PARIS - France on Friday scrapped planned talks with the UK about migrant crossings in anger at a letter by Britain's prime minister over the crisis, pushing relations to new lows following the deaths of 27 people in the Channel this week.
Interior Minister Gerald Darmanin told UK counterpart Priti Patel she was no longer invited to talks at the weekend about the migrant crisis in the Channel with other European ministers.
The meeting was set to go ahead without any UK presence, prompting London to demand France reconsider the snub.
The row puts London and Paris at odds when they are searching for a coordinated response to the worst migrant tragedy in the Channel.
It has added to a litany of post-Brexit problems between Britain and France, with French fishermen on Friday due to stage a blockade of Channel ferry ports and stop freight entering the Channel Tunnel in a protest about fishing licenses.
In a message seen by AFP, Darmanin told Patel the letter from Johnson to President Emmanuel Macron suggesting France take back migrants who cross the Channel was a 'disappointment.'
Referring to Johnson's posting of the letter on social media, he added: 'Making it public made it even worse. I therefore need to cancel our meeting in Calais on Sunday.'
A source close to Darmanin told AFP that Sunday's meeting would be going ahead with the ministers from other European countries but added Patel was no longer invited after Johnson's letter.
'We consider the British Prime Minister's public letter to be unacceptable and contrary to the discussions we had with our counterparts,' said the source, who asked not to be named.
'Therefore, Priti Patel is no longer invited to the interministerial meeting on Sunday, which is maintained in the format of France, Belgium, the Netherlands, Germany and the European Commission.'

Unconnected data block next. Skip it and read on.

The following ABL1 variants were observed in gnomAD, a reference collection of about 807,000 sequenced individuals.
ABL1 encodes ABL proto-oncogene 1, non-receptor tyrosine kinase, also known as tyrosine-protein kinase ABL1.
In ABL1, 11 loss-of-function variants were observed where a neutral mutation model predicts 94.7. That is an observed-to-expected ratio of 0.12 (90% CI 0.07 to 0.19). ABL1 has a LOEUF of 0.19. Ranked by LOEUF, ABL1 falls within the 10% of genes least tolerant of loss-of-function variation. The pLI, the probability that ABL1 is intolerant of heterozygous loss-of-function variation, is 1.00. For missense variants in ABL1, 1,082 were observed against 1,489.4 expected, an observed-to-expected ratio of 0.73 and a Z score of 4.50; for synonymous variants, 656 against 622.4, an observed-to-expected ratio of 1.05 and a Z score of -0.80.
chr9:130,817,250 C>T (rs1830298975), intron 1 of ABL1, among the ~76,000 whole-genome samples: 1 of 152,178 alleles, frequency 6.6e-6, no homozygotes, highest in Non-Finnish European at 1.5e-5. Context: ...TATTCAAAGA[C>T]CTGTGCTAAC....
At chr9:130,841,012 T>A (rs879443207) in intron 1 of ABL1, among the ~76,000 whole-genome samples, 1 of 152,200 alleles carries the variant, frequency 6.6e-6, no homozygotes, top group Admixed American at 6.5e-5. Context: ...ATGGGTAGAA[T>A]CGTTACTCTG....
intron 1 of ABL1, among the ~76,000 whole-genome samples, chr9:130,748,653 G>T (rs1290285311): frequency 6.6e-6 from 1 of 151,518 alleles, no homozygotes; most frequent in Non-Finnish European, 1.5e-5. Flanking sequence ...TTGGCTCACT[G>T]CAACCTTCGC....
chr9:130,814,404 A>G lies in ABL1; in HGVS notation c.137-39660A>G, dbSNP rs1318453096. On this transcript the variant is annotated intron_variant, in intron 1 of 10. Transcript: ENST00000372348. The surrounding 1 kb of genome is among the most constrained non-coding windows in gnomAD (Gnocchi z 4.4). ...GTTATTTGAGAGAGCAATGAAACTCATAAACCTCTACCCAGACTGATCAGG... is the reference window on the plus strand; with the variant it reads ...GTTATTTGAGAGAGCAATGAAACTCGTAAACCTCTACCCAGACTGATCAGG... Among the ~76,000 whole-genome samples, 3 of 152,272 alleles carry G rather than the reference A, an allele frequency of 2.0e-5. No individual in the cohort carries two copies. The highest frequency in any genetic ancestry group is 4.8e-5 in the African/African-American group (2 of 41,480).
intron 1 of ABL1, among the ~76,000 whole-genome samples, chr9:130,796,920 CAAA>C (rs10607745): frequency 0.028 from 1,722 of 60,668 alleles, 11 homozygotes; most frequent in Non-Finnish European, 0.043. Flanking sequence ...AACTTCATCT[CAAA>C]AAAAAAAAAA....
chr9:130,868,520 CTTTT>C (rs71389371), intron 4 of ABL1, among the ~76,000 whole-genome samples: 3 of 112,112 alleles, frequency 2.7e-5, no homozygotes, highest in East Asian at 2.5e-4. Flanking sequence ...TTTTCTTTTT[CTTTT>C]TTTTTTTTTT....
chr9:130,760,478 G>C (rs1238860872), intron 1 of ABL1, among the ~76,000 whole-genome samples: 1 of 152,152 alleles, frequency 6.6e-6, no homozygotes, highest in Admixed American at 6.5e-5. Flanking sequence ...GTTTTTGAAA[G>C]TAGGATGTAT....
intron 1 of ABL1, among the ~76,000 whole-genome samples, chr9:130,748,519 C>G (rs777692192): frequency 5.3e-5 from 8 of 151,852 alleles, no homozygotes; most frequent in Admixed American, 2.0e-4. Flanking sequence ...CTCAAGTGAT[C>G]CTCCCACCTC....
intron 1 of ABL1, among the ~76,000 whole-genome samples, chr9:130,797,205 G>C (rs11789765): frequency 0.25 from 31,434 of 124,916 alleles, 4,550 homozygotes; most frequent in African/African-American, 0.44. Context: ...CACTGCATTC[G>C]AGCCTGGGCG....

In the UK, Transport Secretary Grant Shapps asked Paris 'reconsider.'
'It's in our interests. It's in their interests,' he told the BBC.
Speaking to BFM-TV, government spokesman Gabriel Attal slammed the letter as 'poor' and added France was 'tired of (Britain) speaking out of both sides of the mouth' in discussions on the issue.
Johnson wrote to Macron on Thursday asking France to immediately start taking back all migrants who land in England after crossing the Channel.
Taking back migrants 'would significantly reduce -- if not stop -- the crossings, saving thousands of lives by fundamentally breaking the business model of the criminal gangs' behind the trafficking, he said.
Johnson's letter also set out areas for greater cooperation with France, proposing joint border patrols, aerial surveillance and intelligence sharing.
Seventeen men, seven women and three minors died on Wednesday when their inflatable boat lost air and took on water off the northern port of Calais on Wednesday. A manslaughter probe has been opened.
Five suspected traffickers accused of being directly linked to the doomed crossing have been arrested.
Darmanin said only two survivors, an Iraqi and Somali, had been found and they were recovering from extreme hypothermia and would eventually be questioned.
Northern France will also be hit by protests later Friday on the separate issue of fishing rights.
Under a deal agreed by Britain and the EU late last year, European fishing vessels can continue to ply UK waters if they can prove they operated there in the past.
But Paris says dozens of French boats have had their applications to fish the UK's rich waters rejected, an assessment strongly contested by London.
Dozens of French fishing boats will block ferries from Britain at three ports of the French Channel -- Saint-Malo, Ouistreham and Calais -- from midday (1100 GMT).
In the afternoon, the fishermen will attempt to block the access of goods trucks to the freight terminal of the Channel Tunnel from 2:00 to 4:00 pm (1300 GMT to 1500 GMT).
'We don't want handouts, we just want our licenses back. The UK must abide by the post-Brexit deal. Too many fishermen are still in the dark,' said French national fisheries committee (CNPMEM) chairman Gerard Romiti, describing the action as a 'warning shot'.